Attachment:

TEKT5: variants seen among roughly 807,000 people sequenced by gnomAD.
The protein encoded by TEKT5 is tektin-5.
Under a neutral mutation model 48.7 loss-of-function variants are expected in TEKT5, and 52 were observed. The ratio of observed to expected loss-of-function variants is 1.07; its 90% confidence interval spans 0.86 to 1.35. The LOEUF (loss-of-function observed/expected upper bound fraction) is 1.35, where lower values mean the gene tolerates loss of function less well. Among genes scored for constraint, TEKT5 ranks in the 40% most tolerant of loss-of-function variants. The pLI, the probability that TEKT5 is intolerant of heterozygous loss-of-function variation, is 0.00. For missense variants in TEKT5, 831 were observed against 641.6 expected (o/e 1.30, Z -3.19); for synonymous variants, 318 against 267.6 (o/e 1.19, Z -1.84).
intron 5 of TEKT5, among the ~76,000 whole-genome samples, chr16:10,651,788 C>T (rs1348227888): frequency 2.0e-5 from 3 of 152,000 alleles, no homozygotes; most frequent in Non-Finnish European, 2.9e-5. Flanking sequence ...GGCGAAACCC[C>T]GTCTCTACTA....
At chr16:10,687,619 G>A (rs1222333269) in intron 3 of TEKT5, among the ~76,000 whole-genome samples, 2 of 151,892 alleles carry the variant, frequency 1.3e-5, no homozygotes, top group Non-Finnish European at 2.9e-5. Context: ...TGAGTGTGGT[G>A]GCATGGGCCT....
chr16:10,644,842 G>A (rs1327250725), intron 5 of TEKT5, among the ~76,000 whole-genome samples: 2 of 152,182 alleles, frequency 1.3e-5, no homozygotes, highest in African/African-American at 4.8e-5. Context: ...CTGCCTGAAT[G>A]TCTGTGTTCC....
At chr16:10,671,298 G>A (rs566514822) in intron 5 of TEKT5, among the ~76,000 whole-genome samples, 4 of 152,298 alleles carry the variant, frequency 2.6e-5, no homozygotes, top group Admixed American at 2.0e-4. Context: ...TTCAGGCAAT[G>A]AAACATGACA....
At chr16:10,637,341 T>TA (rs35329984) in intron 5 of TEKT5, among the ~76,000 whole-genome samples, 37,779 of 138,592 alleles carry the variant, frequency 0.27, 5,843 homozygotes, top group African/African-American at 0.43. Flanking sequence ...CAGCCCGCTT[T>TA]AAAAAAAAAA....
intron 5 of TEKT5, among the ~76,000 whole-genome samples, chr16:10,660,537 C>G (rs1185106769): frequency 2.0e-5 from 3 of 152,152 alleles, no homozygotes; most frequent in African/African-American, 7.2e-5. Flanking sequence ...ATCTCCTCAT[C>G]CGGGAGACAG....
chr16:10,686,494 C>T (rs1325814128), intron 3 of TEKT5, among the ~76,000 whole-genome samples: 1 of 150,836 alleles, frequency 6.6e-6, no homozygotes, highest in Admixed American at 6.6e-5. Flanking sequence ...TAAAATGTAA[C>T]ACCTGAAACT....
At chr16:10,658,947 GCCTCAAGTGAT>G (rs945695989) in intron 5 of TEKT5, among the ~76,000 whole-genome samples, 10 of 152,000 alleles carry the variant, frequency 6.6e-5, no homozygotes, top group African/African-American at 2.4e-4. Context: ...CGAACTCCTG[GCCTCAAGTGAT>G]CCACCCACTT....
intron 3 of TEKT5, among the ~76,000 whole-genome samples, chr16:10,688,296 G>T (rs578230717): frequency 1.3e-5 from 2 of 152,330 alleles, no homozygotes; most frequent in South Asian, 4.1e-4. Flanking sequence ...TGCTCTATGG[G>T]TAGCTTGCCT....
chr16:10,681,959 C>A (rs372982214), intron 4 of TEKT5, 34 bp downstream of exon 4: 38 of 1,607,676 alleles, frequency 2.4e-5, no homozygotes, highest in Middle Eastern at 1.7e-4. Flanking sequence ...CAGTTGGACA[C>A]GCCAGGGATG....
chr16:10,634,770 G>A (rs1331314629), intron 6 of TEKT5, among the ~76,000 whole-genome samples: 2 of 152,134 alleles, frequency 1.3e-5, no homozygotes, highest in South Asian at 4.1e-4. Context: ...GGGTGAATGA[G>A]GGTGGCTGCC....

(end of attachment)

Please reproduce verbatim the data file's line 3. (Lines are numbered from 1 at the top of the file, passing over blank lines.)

Under a neutral mutation model 48.7 loss-of-function variants are expected in TEKT5, and 52 were observed. The ratio of observed to expected loss-of-function variants is 1.07; its 90% confidence interval spans 0.86 to 1.35. The LOEUF (loss-of-function observed/expected upper bound fraction) is 1.35, where lower values mean the gene tolerates loss of function less well. Among genes scored for constraint, TEKT5 ranks in the 40% most tolerant of loss-of-function variants. The pLI, the probability that TEKT5 is intolerant of heterozygous loss-of-function variation, is 0.00. For missense variants in TEKT5, 831 were observed against 641.6 expected (o/e 1.30, Z -3.19); for synonymous variants, 318 against 267.6 (o/e 1.19, Z -1.84).